Long Island Jewish Medical Center

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Long Island Jewish Medical Center
Northwell Health
Long Island Jewish Medical Center logo.png
LIJ Zuckerberg pavilion fr eastern lawn jeh.jpg
The Zucker Hillside Hospital at LIJM
Geography
LocationGlen Oaks, New York City, New York, United States
Coordinates40°45′15″N 73°42′32″W / 40.75417°N 73.70889°W / 40.75417; -73.70889Coordinates: 40°45′15″N 73°42′32″W / 40.75417°N 73.70889°W / 40.75417; -73.70889
Organization
TypeTeaching
Affiliated universityDonald and Barbara Zucker School of Medicine at Hofstra/Northwell
Services
Beds583
History
Opened1954
Links
Websitewww.northwell.edu
ListsHospitals in New York
Other linksHospitals in Queens

Long Island Jewish Medical Center (LIJMC or LIJ) is a clinical and academic hospital within the Northwell Health system. It is a 583-bed, non-profit tertiary care teaching hospital serving the greater New York metropolitan area. The 48-acre (19 ha) campus is 15 miles (24 km) east of Manhattan, on the border of Queens and Nassau Counties, in Glen Oaks, Queens and Lake Success, New York, respectively.

LIJMC has three components: Long Island Jewish Hospital, Steven & Alexandra Cohen Children's Medical Center of New York, and The Zucker Hillside Hospital. Long Island Jewish Hospital is a 452-bed tertiary adult care hospital with advanced diagnostic and treatment technology, and modern facilities for medical, surgical, dental and obstetrical care. As the primary teaching hospital for the Donald and Barbara Zucker School of Medicine at Hofstra/Northwell and the Long Island Campus for the Albert Einstein College of Medicine, LIJMC's graduate medical education program is one of the largest in New York State, and programs are in divisions headed by full-time faculty.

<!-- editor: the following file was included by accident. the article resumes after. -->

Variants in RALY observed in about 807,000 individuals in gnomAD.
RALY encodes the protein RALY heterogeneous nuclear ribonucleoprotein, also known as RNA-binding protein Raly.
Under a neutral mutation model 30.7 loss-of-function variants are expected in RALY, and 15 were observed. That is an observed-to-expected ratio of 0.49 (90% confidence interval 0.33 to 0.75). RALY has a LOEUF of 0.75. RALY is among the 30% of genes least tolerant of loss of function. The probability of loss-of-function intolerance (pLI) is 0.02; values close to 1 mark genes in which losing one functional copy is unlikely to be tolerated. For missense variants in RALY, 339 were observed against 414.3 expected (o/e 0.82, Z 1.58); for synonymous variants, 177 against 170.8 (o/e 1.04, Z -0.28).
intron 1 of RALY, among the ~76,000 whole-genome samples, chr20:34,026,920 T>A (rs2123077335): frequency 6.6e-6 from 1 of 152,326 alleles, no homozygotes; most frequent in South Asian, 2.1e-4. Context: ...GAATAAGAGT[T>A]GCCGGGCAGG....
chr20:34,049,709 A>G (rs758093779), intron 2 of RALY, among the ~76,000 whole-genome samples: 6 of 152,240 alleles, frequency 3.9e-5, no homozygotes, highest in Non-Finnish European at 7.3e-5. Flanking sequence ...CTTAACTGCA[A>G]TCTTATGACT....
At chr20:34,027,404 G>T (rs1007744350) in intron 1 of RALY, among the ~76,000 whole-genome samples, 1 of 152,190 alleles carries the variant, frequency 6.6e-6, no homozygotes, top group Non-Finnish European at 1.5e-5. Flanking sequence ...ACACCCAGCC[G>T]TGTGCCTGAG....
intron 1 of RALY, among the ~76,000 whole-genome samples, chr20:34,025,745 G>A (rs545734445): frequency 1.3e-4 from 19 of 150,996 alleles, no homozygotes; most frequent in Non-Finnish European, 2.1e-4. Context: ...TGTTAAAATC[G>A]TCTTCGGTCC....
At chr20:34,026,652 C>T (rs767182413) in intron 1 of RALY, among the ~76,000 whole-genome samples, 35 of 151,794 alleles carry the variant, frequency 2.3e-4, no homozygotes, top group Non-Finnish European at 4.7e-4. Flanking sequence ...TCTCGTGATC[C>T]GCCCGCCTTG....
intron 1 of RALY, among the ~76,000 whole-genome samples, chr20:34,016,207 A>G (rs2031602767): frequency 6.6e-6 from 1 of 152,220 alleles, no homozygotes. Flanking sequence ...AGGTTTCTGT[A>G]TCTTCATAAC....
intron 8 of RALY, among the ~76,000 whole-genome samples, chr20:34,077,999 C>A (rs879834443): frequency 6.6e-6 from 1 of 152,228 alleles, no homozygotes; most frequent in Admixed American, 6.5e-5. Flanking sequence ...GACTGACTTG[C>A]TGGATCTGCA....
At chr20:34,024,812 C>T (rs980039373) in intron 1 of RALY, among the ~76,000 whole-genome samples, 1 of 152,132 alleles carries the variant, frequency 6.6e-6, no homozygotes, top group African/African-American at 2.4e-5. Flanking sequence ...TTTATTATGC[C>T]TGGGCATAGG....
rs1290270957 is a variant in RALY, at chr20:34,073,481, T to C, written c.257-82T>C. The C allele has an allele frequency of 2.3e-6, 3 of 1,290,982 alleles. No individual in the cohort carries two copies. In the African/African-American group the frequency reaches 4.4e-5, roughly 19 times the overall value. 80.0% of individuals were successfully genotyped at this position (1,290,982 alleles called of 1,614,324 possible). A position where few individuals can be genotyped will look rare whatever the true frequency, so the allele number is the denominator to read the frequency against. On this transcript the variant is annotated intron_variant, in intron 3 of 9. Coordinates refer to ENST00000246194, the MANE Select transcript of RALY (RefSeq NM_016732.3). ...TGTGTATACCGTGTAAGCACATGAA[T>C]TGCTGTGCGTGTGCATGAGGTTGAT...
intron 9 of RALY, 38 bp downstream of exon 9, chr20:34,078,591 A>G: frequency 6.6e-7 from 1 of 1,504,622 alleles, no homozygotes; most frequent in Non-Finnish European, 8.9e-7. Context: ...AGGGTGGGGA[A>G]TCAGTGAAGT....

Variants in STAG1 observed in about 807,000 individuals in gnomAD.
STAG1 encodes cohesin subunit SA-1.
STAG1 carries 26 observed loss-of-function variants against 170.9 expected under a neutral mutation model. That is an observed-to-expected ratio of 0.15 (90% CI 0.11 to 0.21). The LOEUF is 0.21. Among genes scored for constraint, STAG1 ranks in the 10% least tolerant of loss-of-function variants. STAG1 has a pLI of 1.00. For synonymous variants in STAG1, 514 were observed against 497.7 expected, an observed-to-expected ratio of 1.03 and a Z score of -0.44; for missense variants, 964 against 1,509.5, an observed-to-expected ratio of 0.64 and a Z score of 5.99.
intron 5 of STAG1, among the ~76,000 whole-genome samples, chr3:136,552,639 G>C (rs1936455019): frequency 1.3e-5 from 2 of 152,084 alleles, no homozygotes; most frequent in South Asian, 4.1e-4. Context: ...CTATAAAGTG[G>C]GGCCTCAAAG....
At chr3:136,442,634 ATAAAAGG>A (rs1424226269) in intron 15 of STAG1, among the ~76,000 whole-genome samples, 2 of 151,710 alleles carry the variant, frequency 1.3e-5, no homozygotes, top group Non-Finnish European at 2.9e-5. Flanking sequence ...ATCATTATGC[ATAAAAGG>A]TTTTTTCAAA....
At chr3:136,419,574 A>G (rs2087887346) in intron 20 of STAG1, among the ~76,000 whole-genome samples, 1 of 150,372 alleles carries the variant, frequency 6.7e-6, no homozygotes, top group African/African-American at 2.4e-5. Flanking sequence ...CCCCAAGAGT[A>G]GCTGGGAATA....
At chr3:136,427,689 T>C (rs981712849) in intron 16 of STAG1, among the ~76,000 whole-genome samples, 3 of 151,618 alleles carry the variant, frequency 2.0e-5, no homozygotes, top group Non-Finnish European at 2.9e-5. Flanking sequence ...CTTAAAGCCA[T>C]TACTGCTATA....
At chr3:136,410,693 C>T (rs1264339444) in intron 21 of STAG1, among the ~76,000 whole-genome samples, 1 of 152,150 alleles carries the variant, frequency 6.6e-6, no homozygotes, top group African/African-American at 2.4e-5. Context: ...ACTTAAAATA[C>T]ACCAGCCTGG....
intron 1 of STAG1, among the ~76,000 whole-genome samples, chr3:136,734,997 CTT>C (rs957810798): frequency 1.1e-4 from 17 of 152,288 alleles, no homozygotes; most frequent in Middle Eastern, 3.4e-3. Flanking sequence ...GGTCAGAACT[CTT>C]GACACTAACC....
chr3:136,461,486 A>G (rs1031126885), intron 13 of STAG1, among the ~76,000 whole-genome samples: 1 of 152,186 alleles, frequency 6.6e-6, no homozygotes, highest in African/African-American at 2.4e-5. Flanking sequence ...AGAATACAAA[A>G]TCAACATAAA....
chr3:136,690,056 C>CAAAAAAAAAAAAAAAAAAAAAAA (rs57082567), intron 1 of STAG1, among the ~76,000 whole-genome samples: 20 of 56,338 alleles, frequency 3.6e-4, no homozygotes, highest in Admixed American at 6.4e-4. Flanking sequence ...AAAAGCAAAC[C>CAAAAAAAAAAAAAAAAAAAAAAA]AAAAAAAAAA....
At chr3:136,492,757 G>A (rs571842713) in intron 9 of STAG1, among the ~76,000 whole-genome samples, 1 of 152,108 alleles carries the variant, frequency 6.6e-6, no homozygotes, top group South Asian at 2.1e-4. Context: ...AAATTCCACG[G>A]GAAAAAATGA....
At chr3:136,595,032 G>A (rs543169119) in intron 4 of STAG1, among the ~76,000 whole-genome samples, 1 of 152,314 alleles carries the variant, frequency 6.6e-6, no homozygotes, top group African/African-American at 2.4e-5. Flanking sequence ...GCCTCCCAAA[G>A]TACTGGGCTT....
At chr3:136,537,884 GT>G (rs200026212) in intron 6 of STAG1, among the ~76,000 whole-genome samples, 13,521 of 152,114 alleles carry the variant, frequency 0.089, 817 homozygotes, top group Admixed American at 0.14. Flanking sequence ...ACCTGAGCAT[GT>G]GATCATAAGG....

The Zucker Hillside Hospital, previously known as Hillside Hospital, is an in-patient and out-patient psychiatric hospital and clinic in the borough of Queens in New York City.

LIJ's full-time staff includes more than 500 physicians, who supervise care in all major specialties and participate in the medical center's teaching and research programs.

The medical center is located on the southeast side of North Shore Towers.

The center was founded in 1954 by a group of nine philanthropists, including Jacob H. Horwitz.[1]

Children born at Long Island Jewish Medical Center are typically born at Katz Women's Hospital, on the Queens side of the complex, thus those children are born within New York City, not Nassau County's Lake Success.

Notable people[edit]

Notable births[edit]

Notable deaths[edit]

Notable employees[edit]

Transportation[edit]

The MTA's Q46 bus stops inside the hospital. In addition, the QM5, QM6, QM8, QM35 and QM36 express buses to Manhattan all stop near LIJ.

References[edit]

  1. ^ Staff writer (October 14, 1992). "Obituary: Jacob H. Horwitz, 100, Innovator In Fashion and Hospital Founder". The New York Times. Retrieved July 5, 2015.
  2. ^ Ross, Andrew; Rose, Tricia (1994). Microphone Friends: Youth Music & Youth Culture. New York, NY: Routledge. pp. 163–175. ISBN 0-415-90907-4.
  3. ^ Detman, Gary (June 16, 2016). "Omar Mateen had behavioral issues in school, records show". WPEC. Retrieved November 22, 2020.
  4. ^ McFadden, Robert D. (September 15, 1992). "Leon Davis, 85, Head of Health-Care Union, Dies". The New York Times. Retrieved April 9, 2017.
  5. ^ Sack, Kevin (February 12, 1994). "Saul Weprin Is Dead at 66; Sought Assembly Harmony". New York Times. p. 10; Column 1.
  6. ^ Berkow, Ira (November 15, 1998). "Red Holzman, Hall of Fame Coach, Dies at 78". The New York Times. ISSN 0362-4331. Retrieved August 7, 2020.
  7. ^ Mosconi, Angela (June 26, 1999). "Fred Trump, Dad of Donald, Dies at 93". New York Post. Retrieved January 29, 2017.
  8. ^ "Sean". Survivor: Borneo site at CBS.com. Archived from the original on January 3, 2014.
  9. ^ Tagliaferro, Linda (June 16, 1996). "Long Island Q & A: Dr. Harold S. Koplewicz;Helping to Combat Child and Adolescent Mental Disorders". The New York Times.
  10. ^ Otterman, Sharon (December 14, 2020). "'I Trust Science,' Says Nurse Who Is First to Get Vaccine in U.S." The New York Times. ISSN 0362-4331. Retrieved December 15, 2020.

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